Flood-ravaged Texas and Oklahoma are in line for another round of storms Friday and Saturday.
Manhattanhenge occurs four times a year: twice in the summer during the setting sun and twice in the winter during the rising sun.
The wet pattern in the southern Plains over the past several weeks has nearly eliminated drought conditions across the region.
Severe storms ripped across Texas, Oklahoma and Mexico, leaving destruction and death in their wake as the extended Memorial Day weekend came to a close.
A tornado struck a drilling rig in Canadian, Texas, Wednesday night and caused several injuries.
California is in the grips of a four-year drought, and conditions are worsening in Washington and Oregon.
Mount Shindake erupted for the second time in the last nine months on Friday, according to the Global Volcanism Project at the Smithsonian Institution.
Following another busy weekend for severe storms and flooding in Texas and the southern Plains, the frequent rain and storms will shift eastward.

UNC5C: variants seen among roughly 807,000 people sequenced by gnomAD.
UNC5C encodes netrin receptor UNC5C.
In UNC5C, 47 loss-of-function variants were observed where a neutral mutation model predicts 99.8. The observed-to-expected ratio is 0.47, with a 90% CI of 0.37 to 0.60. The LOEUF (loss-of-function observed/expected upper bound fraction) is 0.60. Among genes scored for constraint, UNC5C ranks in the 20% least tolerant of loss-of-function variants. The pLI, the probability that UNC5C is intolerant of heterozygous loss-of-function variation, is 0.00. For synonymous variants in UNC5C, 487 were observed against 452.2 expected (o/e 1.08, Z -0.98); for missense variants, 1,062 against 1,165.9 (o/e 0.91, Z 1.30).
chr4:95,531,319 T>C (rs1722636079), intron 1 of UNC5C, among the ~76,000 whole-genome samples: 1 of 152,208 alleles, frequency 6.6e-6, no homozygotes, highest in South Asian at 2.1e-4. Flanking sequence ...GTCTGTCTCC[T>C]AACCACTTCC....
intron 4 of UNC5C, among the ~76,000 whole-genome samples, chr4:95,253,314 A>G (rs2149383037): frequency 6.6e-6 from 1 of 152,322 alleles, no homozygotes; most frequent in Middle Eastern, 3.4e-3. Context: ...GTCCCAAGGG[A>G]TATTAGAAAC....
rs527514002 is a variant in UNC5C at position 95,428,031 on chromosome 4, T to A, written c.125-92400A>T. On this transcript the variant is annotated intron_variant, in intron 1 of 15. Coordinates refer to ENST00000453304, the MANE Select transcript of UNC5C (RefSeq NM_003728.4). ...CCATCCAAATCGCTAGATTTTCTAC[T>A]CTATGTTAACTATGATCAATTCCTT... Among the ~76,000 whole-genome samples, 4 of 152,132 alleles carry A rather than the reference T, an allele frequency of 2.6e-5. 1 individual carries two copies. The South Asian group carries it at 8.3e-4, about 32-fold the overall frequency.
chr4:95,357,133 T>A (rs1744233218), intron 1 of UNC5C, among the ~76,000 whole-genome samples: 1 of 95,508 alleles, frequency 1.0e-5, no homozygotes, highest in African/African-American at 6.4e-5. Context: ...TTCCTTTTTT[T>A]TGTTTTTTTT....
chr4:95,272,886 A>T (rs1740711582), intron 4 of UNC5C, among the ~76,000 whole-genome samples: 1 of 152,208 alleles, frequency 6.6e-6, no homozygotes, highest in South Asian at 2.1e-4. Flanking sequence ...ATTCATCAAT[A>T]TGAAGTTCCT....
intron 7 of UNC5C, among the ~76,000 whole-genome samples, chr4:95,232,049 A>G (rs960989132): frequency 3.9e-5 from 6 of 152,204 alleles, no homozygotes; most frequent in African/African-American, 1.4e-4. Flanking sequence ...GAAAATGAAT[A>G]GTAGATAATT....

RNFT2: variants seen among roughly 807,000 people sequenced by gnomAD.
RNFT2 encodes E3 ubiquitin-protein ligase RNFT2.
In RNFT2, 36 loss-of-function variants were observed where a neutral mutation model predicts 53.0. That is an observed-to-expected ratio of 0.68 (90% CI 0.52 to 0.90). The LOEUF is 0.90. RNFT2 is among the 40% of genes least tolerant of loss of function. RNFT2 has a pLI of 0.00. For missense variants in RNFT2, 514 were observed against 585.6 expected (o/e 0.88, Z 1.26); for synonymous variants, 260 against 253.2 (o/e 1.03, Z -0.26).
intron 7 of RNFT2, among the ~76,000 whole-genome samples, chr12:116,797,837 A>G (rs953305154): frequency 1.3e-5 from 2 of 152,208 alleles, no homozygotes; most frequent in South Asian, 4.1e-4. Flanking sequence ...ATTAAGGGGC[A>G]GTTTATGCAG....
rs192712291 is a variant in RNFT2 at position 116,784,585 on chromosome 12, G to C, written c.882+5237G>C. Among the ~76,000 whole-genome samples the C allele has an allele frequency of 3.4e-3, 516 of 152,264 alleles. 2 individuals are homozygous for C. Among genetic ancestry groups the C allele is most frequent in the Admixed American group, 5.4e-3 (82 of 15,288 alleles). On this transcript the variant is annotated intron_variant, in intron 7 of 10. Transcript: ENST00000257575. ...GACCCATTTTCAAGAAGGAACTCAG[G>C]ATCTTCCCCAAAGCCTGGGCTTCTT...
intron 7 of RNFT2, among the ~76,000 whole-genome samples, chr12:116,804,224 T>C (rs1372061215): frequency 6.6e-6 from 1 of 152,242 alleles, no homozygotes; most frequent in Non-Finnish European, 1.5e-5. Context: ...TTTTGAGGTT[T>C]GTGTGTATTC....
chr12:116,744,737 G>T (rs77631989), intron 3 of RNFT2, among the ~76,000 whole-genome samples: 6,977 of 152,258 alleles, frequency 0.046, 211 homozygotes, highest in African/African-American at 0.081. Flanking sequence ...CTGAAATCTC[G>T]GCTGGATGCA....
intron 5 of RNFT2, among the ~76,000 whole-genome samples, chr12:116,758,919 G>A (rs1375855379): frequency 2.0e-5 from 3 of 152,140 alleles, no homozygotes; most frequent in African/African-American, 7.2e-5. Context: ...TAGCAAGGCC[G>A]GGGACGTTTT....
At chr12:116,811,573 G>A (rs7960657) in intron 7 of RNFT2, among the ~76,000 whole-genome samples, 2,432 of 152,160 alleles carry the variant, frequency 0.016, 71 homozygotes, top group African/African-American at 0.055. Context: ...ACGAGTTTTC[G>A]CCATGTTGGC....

With summer just around the corner, many in the United States are preparing for exciting outdoor activities, but coupled with the summer fun comes the return of the pesky and potentially disease-ridden mosquito.
The same cold front poised to mark and end to the midsummerlike warmth will also spread rain and thunderstorms into the region this weekend.
Flood-ravaged Texas and Oklahoma are in line for additional rounds of drenching showers and thunderstorms into Saturday night.
Area from Wallace to Kearney counties: a great hailstorm caused $6 million damage.
Ohio Valley (1982)
Severe thunderstorms: Tornado in Marion, IL killed 12, caused $100 million damage. Columbus, OH had a wind gust to 76 mph. Louisville, KY pelted by hail 2" in diameter.
Yuma, AZ (1877)
Severe two-day sandstorm.